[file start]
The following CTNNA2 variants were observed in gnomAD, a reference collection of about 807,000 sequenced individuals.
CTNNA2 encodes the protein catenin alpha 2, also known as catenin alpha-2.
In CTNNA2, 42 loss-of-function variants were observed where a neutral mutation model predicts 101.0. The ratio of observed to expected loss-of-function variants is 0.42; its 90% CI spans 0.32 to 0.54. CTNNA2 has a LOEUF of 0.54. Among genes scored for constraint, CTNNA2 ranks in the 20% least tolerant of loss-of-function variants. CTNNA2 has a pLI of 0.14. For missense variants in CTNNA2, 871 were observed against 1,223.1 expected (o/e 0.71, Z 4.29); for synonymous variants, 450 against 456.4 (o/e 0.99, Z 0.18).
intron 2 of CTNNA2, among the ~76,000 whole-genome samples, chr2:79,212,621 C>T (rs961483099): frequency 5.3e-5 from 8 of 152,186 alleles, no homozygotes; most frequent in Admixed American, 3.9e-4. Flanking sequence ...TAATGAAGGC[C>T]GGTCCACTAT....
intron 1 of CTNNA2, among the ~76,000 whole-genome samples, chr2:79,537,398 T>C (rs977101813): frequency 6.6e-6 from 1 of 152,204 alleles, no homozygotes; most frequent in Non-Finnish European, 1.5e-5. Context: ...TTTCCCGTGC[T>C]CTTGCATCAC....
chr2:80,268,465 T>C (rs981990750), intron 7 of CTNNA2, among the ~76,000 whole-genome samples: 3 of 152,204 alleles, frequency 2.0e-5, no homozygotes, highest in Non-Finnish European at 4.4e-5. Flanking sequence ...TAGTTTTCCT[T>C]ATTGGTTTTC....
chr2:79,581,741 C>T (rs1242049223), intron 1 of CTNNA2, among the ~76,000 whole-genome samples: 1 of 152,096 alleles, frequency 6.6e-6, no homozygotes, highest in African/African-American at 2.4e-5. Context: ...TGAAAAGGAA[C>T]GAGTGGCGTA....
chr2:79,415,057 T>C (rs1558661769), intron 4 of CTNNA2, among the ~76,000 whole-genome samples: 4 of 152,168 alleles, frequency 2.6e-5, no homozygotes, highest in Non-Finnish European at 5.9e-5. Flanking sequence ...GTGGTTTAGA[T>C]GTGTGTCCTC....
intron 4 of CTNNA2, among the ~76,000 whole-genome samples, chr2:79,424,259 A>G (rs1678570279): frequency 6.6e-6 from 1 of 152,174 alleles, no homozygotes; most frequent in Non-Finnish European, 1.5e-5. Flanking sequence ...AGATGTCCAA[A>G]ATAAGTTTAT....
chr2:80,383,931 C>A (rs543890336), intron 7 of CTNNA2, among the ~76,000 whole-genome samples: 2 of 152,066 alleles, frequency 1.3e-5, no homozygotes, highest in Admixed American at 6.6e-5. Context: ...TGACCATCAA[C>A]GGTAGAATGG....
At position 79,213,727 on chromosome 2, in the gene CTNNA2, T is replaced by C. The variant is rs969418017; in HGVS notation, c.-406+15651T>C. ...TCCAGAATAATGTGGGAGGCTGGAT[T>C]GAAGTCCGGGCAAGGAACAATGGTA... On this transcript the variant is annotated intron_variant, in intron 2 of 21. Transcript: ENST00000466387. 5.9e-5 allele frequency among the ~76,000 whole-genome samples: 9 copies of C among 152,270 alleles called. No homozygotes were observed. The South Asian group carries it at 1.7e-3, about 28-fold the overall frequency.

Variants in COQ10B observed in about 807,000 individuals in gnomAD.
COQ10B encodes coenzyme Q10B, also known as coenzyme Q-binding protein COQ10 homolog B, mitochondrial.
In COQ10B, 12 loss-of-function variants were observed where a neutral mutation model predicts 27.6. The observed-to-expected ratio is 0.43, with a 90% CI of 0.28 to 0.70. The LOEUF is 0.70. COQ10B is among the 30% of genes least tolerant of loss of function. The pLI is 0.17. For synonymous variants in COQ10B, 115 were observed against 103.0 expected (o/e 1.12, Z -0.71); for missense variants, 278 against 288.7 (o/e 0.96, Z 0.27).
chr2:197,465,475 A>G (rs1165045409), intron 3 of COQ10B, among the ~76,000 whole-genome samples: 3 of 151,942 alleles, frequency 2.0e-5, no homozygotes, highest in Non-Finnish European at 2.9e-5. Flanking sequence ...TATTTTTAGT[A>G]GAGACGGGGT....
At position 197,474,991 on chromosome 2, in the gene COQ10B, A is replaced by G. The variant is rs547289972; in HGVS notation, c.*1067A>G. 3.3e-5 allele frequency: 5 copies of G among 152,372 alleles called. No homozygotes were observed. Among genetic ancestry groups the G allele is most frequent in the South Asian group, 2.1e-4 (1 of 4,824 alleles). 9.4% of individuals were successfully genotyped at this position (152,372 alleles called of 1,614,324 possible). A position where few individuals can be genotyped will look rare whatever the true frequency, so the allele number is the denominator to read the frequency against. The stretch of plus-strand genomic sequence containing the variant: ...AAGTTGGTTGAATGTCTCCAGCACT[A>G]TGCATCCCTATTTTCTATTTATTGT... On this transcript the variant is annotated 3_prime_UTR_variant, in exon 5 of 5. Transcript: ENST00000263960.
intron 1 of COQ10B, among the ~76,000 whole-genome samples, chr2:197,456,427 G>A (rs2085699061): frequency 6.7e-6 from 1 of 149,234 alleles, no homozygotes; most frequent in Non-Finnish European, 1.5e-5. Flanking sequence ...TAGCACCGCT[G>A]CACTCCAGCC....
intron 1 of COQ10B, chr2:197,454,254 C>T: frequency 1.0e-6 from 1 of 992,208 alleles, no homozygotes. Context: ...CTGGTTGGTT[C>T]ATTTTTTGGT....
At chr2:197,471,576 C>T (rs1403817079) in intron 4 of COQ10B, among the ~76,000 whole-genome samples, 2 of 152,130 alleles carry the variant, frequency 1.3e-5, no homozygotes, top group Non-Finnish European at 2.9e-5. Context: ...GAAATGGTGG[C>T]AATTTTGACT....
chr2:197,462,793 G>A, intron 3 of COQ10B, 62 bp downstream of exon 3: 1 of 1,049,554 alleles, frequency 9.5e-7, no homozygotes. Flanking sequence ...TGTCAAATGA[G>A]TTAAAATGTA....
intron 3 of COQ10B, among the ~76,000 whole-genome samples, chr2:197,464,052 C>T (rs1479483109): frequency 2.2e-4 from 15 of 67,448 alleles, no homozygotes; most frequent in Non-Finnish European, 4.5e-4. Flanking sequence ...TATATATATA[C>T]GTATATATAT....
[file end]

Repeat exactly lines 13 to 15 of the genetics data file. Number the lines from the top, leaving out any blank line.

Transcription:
COQ10B encodes coenzyme Q10B, also known as coenzyme Q-binding protein COQ10 homolog B, mitochondrial.
In COQ10B, 12 loss-of-function variants were observed where a neutral mutation model predicts 27.6. The observed-to-expected ratio is 0.43, with a 90% CI of 0.28 to 0.70. The LOEUF is 0.70. COQ10B is among the 30% of genes least tolerant of loss of function. The pLI is 0.17. For synonymous variants in COQ10B, 115 were observed against 103.0 expected (o/e 1.12, Z -0.71); for missense variants, 278 against 288.7 (o/e 0.96, Z 0.27).
chr2:197,465,475 A>G (rs1165045409), intron 3 of COQ10B, among the ~76,000 whole-genome samples: 3 of 151,942 alleles, frequency 2.0e-5, no homozygotes, highest in Non-Finnish European at 2.9e-5. Flanking sequence ...TATTTTTAGT[A>G]GAGACGGGGT....